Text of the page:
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LIVE LOCAL, LIVE SMALL: The ghost of Adlai Stevenons gives Gwenyfar perspective for post-election blues

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Prominent ghosts continue to haunt Gwen.

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“Ms. Rohler?” I spun around at a speed I didn’t know I could. I was supposed to be alone in the house.

TRY, TRY AGAIN: American politician and diplomat Adlai Stevenson is the last ghost of politicians past to visit Gwenyfar Rohler after election night. Photo courtesy of Library of Congress.

TRY, TRY AGAIN: American politician and diplomat Adlai Stevenson is the last ghost of politicians past to visit Gwenyfar Rohler after election night. Photo courtesy of Library of Congress.

“What the hell are you doing in my house?” I demanded.  A dapper man with a receding hairline held up a hand in apology. “I’m sorry, I wasn’t trying to scare you.”

“What the hell are you doing in my house?” I demanded again, this time a bit more menacingly (I hoped).

“Forgive me, I’m Adlai Stevenson,” he held out a hand to shake. “Your dad sent me.”

There are moments when you start to struggle with the last shreds of your sanity, and then there are moments you just surrender with head in hands and accept you’ve lost your mind. “Daddy sent you? To me? Why?”

“Well, we watched with great delight your  interviews with Presidents Tyler, Polk, Johnson, and Wilson … though I think you did miss a couple of key opportunities—especially with Wilson. Given the turn of events in the last few weeks and your general demeanor, well, your dad thought perhaps I could share some insights with you.”

“Why didn’t he come himself?” Yes, I really just asked the former governor of Illinois’ ghost why my father wasn’t haunting me from beyond the grave. 

“Well, he did point out you were never very good at listening to him or taking his advice while he was alive, so he didn’t really think you would have suddenly become receptive to his opinions after death.” I looked away from the apparition in embarrassment. “Or have you?”

I shook my head, took a deep breath. “He’s right. I’m sorry I’m not very good at listening. The truth is we are—were—probably too alike to hear each other. Please, give him my apologies when you see him.”

Stevenson nodded. “I will. What you said just now, that’s probably true of more people than most of us realize…”

I smiled at him. “Alright, let’s talk sense to the American people, or to Gwenyfar. I guess I’m willing to listen, but Mr. Stevenson, or would you prefer Governor? Or Mr. Ambassador?”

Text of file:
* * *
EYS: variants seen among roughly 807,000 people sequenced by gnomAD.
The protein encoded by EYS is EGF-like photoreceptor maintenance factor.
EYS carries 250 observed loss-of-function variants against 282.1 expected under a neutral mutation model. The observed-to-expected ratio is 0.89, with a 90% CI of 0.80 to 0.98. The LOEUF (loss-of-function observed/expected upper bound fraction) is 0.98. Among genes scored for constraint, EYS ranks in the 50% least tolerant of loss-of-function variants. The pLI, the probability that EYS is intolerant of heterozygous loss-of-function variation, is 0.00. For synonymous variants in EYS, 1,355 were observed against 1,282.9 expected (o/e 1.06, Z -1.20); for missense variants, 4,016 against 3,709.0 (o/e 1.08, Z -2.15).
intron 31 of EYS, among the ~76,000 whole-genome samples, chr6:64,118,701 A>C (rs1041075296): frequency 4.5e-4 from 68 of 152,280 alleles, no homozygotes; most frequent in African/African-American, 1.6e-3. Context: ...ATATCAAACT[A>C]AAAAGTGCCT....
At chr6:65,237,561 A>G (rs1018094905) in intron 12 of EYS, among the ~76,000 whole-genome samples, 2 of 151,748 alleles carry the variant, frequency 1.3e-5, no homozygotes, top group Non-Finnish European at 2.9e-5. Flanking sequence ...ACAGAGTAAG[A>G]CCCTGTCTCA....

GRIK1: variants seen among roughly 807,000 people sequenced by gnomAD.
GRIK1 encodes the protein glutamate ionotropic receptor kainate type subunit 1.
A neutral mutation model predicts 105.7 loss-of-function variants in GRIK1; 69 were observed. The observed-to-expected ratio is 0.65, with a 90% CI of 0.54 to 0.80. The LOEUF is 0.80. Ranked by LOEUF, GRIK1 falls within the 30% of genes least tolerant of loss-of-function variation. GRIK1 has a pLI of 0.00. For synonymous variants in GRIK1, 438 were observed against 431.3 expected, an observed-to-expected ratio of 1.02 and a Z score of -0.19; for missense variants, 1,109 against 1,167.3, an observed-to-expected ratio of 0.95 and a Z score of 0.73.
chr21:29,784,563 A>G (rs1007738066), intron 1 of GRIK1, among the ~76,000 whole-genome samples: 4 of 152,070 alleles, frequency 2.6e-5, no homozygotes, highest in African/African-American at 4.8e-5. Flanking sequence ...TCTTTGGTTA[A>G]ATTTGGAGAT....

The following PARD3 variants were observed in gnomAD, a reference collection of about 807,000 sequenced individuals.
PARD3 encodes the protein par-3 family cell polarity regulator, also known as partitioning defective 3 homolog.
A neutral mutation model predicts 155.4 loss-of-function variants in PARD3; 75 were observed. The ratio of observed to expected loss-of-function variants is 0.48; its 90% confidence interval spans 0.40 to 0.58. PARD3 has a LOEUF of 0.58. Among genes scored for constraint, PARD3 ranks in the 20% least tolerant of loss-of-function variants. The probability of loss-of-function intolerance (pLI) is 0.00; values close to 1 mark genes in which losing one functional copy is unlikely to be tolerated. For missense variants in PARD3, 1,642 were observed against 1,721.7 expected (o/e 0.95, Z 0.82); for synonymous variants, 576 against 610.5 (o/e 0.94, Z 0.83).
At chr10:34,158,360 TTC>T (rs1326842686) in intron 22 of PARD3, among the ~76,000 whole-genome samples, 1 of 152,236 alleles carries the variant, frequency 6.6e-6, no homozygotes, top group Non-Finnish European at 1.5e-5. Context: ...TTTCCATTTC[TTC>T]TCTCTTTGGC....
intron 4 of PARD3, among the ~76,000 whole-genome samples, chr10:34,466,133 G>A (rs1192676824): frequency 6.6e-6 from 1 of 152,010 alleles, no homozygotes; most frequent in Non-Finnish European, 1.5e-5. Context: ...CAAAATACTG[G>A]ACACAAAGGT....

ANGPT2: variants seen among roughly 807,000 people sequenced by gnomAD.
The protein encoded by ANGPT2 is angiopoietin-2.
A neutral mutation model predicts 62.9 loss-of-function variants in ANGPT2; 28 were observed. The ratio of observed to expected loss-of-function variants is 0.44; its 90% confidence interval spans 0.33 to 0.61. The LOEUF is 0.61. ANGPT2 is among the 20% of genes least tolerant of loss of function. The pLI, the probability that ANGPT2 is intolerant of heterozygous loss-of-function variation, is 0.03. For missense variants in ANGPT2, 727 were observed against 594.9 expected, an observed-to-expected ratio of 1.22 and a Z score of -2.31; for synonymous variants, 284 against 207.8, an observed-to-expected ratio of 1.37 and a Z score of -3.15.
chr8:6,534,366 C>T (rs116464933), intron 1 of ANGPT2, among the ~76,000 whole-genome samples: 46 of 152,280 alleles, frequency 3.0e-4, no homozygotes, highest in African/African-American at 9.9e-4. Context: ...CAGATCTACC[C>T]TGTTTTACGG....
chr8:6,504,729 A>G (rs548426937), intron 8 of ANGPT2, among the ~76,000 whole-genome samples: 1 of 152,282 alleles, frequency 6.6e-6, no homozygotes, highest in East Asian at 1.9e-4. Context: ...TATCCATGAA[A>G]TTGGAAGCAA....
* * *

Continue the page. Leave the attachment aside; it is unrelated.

“Adlai is fine.”

“Adlai,” I nodded. “Well, I’m not so certain the American people want to talk sense right now.”

“Does anyone seriously think that a real traitor will hesitate to sign a loyalty oath? Of course not. Really dangerous subversives and saboteurs will be caught by careful, constant, professional investigation, not by pieces of paper. The whole notion of loyalty inquisitions is a natural characteristic of the police state, not of democracy.” —Adlai Stevenson 

“It always feels that way after an election;  emotions are high.” He paused. “Perhaps I’m not the right person for you to talk to, I mean I never really mastered the soundbite or the media … I was too long-winded and thoughtful for modern politics.”

“Yes, substance really is not the name of the game in that arena. I guess I’m a little surprised to hear you say that. I mean, you came from a newspaper family, you wrote for the newspaper. I would have thought manipulating the press would be second nature for you—a skill from the family dinner table.”

“Fair enough. But you work as a writer; how good are you at sound bites? Social media and instant celebrity? Choose substance or style and I can guess which camp you are in.”

“Guilty.” I nodded. “Is that why you lost the presidency repeatedly?” I blushed with embarrassment at what had tumbled out of my mouth.

“Partly,” he conceded. “I mean, running against Dwight after the war was a poor choice. Everyone wanted a war hero and ‘The Strong Man’ image played up more easily than I guess my long-winded, thoughtful addresses. Some things don’t change, do they?” He gave me a rueful grin.

“So, how did it feel to make three tries for it and lose every time?”

“How do you think?”

“Sorry.” I apologized. “But you seemed to enjoy being ambassador to the UN.”